### Konstantin Recke: Percolation on groups

##### Thursday, 20.06.2024 11:00 im Raum SR4

Originating in statistical physics as a model of a porous medium, Bernoulli percolation has become a fundamental model in probability theory. In classical Bernoulli percolation, edges (or vertices) of \(\mathbb Z^d\) are deleted independently of each other and with fixed survival probability \(p\in[0,1]\). Despite significant progress in understanding this model, basic questions remain, constituting some of the most perplexing problems in probability theory. In the late 1990s, Benjamini, Lyons, Peres, and Schramm initiated a program to study Bernoulli percolation and other invariant percolation models (i.e., random subgraphs whose distribution is invariant under some natural group action) on graphs beyond \(\mathbb Z^d\). Cayley graphs of infinite groups provide a rich class of examples, and the behavior of percolations turns out to be closely related to the geometric properties of the underlying group This talk will start with a brief introduction to Bernoulli percolation, highlighting what is known as well as open questions. I will then give a gentle introduction to the aforementioned program, focussing on its main questions and the different motivations behind. I will provide a glimpse into some of the fascinating mathematics involved, primarily by reviewing the case of amenable groups. Finally, I will present recent progress beyond amenability based on joint work with Chiranjib Mukherjee. In the late 1990s, Benjamini, Lyons, Peres, and Schramm initiated a program to study Bernoulli percolation and other invariant percolation models (i.e., random subgraphs whose distribution is invariant under some natural group action) on graphs beyond $\mathbb Z^d$. Cayley graphs of infinite groups provide a rich class of examples, and the behavior of percolations turns out to be closely related to the geometric properties of the underlying group This talk will start with a brief introduction to Bernoulli percolation, highlighting what is known as well as open questions. I will then give a gentle introduction to the aforementioned program, focussing on its main questions and the different motivations behind. I will provide a glimpse into some of the fascinating mathematics involved, primarily by reviewing the case of amenable groups. Finally, I will present recent progress beyond amenability based on joint work with Chiranjib Mukherjee.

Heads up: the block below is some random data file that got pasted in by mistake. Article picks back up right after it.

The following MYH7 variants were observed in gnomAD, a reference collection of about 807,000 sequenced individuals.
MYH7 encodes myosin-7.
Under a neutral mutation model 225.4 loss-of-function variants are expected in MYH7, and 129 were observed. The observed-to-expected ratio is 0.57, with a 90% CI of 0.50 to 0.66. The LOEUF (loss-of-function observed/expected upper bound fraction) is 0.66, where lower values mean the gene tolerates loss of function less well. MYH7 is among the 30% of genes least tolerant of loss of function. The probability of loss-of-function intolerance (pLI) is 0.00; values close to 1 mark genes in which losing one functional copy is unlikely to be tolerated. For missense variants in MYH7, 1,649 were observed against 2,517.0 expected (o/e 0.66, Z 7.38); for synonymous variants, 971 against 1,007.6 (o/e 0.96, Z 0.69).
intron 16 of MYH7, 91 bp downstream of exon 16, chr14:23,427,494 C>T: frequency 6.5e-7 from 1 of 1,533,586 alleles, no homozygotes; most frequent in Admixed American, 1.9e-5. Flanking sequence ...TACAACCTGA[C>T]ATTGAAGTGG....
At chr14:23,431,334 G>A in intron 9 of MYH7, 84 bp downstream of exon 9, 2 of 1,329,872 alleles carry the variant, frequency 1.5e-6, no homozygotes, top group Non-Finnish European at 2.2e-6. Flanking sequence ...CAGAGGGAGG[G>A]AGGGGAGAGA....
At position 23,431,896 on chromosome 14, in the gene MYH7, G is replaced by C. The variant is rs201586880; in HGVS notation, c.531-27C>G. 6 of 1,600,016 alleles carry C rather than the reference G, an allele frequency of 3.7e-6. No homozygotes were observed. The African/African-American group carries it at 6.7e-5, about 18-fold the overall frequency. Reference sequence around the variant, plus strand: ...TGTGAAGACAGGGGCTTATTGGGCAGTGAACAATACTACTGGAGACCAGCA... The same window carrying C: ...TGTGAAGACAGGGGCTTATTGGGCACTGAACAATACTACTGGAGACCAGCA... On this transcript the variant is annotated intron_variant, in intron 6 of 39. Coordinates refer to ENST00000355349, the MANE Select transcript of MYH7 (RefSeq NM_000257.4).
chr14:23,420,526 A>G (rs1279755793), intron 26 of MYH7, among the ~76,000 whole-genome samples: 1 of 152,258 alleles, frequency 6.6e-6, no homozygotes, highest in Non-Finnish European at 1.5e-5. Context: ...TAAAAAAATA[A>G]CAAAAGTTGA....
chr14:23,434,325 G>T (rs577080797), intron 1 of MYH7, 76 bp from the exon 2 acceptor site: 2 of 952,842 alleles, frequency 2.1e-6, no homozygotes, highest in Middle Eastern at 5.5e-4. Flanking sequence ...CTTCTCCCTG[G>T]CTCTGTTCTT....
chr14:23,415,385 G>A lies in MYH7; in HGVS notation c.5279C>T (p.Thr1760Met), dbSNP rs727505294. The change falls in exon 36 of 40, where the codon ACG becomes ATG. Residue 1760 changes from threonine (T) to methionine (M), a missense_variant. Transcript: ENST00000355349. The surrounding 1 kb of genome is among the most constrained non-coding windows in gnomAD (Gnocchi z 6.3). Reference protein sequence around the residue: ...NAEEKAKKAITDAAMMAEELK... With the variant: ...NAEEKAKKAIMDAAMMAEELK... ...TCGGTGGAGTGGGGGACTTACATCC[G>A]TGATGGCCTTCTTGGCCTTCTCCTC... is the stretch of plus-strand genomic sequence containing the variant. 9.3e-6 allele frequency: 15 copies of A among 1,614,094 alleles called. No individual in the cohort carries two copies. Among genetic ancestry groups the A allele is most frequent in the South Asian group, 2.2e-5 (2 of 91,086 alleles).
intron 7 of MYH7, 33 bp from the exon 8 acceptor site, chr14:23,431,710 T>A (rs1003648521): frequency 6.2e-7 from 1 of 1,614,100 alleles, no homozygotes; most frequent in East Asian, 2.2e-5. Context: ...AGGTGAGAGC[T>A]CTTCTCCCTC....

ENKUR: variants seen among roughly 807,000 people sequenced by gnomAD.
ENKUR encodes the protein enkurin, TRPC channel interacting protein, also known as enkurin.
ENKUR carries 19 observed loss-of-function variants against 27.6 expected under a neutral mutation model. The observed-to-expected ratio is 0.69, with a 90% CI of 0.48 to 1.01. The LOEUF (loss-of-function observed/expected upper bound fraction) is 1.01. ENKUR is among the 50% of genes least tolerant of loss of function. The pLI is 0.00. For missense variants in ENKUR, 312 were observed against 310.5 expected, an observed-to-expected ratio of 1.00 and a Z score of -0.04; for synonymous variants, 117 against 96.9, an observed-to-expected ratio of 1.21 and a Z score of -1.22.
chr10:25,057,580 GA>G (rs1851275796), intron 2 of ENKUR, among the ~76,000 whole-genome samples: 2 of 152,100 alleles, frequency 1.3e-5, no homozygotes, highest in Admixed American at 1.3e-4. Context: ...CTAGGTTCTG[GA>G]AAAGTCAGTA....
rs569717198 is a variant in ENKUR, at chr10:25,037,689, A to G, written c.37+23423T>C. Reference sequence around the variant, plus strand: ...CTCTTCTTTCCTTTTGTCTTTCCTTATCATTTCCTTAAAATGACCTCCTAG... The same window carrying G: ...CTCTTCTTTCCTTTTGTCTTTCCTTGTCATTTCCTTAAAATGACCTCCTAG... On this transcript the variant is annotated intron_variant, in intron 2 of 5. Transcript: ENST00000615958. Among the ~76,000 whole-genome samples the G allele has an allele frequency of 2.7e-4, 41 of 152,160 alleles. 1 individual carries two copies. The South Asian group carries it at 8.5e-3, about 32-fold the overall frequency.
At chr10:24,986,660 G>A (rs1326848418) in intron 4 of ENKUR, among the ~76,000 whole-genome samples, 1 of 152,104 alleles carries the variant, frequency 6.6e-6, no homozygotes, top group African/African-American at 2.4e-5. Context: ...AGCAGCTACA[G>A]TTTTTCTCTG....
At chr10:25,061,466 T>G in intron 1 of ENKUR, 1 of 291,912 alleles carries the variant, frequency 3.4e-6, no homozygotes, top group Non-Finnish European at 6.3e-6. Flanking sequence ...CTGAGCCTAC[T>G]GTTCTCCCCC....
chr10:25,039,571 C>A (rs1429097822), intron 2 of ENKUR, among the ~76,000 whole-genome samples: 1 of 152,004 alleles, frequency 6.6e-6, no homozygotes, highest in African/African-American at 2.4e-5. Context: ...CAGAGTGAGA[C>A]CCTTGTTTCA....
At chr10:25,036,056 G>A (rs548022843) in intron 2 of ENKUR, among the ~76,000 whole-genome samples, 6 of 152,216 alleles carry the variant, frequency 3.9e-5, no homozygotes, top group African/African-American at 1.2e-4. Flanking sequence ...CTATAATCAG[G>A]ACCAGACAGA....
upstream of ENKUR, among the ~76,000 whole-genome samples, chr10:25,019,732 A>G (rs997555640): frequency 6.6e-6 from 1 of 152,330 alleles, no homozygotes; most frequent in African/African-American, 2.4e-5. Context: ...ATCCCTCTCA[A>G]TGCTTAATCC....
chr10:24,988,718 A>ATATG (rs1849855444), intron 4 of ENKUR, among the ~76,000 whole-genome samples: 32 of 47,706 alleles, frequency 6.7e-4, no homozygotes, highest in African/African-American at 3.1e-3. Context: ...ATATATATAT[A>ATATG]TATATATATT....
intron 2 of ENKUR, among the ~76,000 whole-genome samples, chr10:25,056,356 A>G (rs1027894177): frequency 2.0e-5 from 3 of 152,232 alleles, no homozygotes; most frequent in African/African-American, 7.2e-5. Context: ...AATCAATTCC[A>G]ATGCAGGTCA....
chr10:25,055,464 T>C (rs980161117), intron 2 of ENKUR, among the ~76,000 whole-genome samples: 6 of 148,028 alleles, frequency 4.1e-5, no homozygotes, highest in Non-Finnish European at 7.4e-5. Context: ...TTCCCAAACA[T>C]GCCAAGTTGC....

Angelegt am 13.06.2024 von Paulina Weischer

Geändert am 14.06.2024 von Paulina Weischer

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